Mama (2013)

Directed by Andy Muschietti
Written by Neil Cross and Andy & Barbara Muscietti

The month of January is usually reserved for some much needed catch-up on films from the previous year for me. January is often synonymous with a wasteland for cinematic missteps that have been laid out to die, or perhaps their releases have been pushed with the hope of awards season success not even a prayer, let alone a reality. Needless to say, I usually do not get out to see many January releases. However, the inclusion of actress Jessica Chastain has piqued my interest in a genre in which I otherwise would easily admit no real interest: horror. So this time I managed to get up off my couch, forgo the Redbox on the way, and plop my rump down in a theater seat for a January film.

Ominous from the start, the film opens after a businessman, set off by a stock market crach, wrecks his car in the middle of upstate New York wilderness after kidnapping his children. He and his two daughters, Victoria (Megan Charpentier) and Lilly (Isabelle Nelisse), make their way to an abandoned cabin where the father is mysteriously killed. Five years later, the children’s uncle (Nikolaj Coster-Waldau) has not given up hope of finding his daughters. When they are finally discovered in the same abandoned cabin, in a shocking and maladjusted state, a psychologist (Daniel Kash) helps the uncle and his bass player girlfriend (Jessica Chastain) attempt to care for them. But the girls are followed from the wilderness by a spirit that begins to terrorize the adults.

What truly amazed me with this film was its ability to actually be scary. As I said before, I am not big on the horror genre, though there are the few I greatly admire (Halloween, Scream, The Silence of the Lambs), and the biggest reason is that I just don’t tend to scare very easily. The “horror” of this film managed to be quite effective for most of the film. It gave me the willies at certain points. It does contain its fair share of shock scares, which seems unavoidable in this day and age unfortunately, but the mood which was set early on really set the table for the creepiness to be effective. The cinematography was quite nice as well, most notably a stunning flashback scene that looked amazing. Even if the bleak palette which horror films demand caused Chastain to lose her fiery locks, the cinematography is definitely a strength.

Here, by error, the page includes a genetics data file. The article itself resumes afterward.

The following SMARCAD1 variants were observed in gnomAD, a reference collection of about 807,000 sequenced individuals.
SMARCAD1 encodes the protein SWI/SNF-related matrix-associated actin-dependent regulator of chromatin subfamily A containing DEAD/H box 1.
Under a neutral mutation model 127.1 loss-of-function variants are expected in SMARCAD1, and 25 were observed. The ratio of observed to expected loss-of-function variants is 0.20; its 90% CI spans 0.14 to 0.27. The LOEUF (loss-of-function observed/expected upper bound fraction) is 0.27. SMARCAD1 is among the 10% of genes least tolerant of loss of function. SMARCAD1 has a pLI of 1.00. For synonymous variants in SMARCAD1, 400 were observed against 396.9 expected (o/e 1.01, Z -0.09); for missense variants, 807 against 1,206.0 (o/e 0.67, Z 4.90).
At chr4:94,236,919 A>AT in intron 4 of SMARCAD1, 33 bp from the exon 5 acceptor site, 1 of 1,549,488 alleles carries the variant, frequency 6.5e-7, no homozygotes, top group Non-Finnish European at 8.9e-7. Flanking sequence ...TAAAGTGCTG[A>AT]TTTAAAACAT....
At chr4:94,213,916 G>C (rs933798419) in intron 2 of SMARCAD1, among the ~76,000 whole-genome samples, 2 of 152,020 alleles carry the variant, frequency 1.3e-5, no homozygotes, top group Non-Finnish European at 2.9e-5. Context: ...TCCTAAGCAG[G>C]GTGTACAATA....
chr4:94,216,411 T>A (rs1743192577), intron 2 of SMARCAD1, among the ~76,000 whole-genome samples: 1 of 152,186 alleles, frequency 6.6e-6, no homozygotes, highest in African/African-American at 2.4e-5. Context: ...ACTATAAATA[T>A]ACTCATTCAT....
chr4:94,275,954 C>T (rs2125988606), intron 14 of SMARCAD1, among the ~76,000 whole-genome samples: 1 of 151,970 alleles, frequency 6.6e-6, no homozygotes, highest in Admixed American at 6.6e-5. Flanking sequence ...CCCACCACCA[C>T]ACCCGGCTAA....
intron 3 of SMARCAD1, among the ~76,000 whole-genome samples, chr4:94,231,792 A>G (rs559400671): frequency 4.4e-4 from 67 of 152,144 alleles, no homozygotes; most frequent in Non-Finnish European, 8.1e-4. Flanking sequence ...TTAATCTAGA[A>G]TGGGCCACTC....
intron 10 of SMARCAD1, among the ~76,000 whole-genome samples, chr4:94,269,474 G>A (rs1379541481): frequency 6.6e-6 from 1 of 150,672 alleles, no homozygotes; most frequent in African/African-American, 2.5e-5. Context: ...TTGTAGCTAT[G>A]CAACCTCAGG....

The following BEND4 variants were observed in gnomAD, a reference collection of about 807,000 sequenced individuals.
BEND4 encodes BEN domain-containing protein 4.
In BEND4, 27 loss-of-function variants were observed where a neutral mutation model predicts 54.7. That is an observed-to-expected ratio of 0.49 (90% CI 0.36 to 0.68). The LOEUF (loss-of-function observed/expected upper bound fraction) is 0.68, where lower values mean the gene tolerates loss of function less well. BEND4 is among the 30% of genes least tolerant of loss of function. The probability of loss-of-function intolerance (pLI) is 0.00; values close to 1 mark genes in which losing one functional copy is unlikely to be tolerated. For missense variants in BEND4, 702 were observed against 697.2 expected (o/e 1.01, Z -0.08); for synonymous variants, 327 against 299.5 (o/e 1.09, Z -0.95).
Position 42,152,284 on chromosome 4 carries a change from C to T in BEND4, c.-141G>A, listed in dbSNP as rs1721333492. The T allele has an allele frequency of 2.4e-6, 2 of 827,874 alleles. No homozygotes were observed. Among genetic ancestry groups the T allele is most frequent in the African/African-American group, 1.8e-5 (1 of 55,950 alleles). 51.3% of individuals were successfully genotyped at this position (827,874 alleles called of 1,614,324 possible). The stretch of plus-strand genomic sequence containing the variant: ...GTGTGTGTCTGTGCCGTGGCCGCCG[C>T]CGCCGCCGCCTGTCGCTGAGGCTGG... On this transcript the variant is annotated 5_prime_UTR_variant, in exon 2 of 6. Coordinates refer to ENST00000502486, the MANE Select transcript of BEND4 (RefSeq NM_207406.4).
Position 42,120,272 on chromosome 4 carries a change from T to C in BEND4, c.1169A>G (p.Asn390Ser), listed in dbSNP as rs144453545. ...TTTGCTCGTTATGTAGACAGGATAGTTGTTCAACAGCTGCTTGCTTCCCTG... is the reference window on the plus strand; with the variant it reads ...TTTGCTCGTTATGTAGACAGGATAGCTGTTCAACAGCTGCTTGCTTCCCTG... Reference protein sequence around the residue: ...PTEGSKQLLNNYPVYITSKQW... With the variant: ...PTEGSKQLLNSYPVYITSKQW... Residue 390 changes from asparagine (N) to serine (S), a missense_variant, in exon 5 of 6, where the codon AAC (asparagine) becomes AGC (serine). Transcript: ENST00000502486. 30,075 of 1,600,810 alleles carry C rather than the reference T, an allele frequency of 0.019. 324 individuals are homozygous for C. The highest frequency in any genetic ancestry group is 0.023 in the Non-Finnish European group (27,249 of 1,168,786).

However (oh yes, there is a however), the film has its problems, which were ultimately difficult for me to overcome. The mood which made the scares so effective early on, and in fact made the plot interesting, gives way to a wacky third act which seems to drag just a bit too long. Where there were once stakes and intrigue, now there seems to be little, as the film’s focus seems to want to shift to the big finish, leaving much of what had been established behind. Without getting into spoilers, there are certain parts of the film which felt quickly discarded or completely forgotten about.

Jessica Chastain is quite good here, as expected. Hers is easily the most interesting character as a woman not yet ready to be a mother, forced into the role when her boyfriend’s nieces are found. And due to circumstances, she becomes the central character is does a great job of holding the film together and driving it forward with her performance. All of the other performances are fine as well, but Chastain is the standout. The film ended up being somewhat of a disappointment, despite the low expectations entering the film. But it was disappointing only because it was exceeding those low expectations only to give way to cheap scares and an ending which wasted what the fimmakers had been building for the entire rest of the film.

**1/2 – Good



  1. I agree on Del Toro, but my expectations were never very high going in on this one. Other than excited to see Chastain again, I really wasn't expecting anything, so it was not a disappointment for me as much, almost a surprise in fact. Almost…


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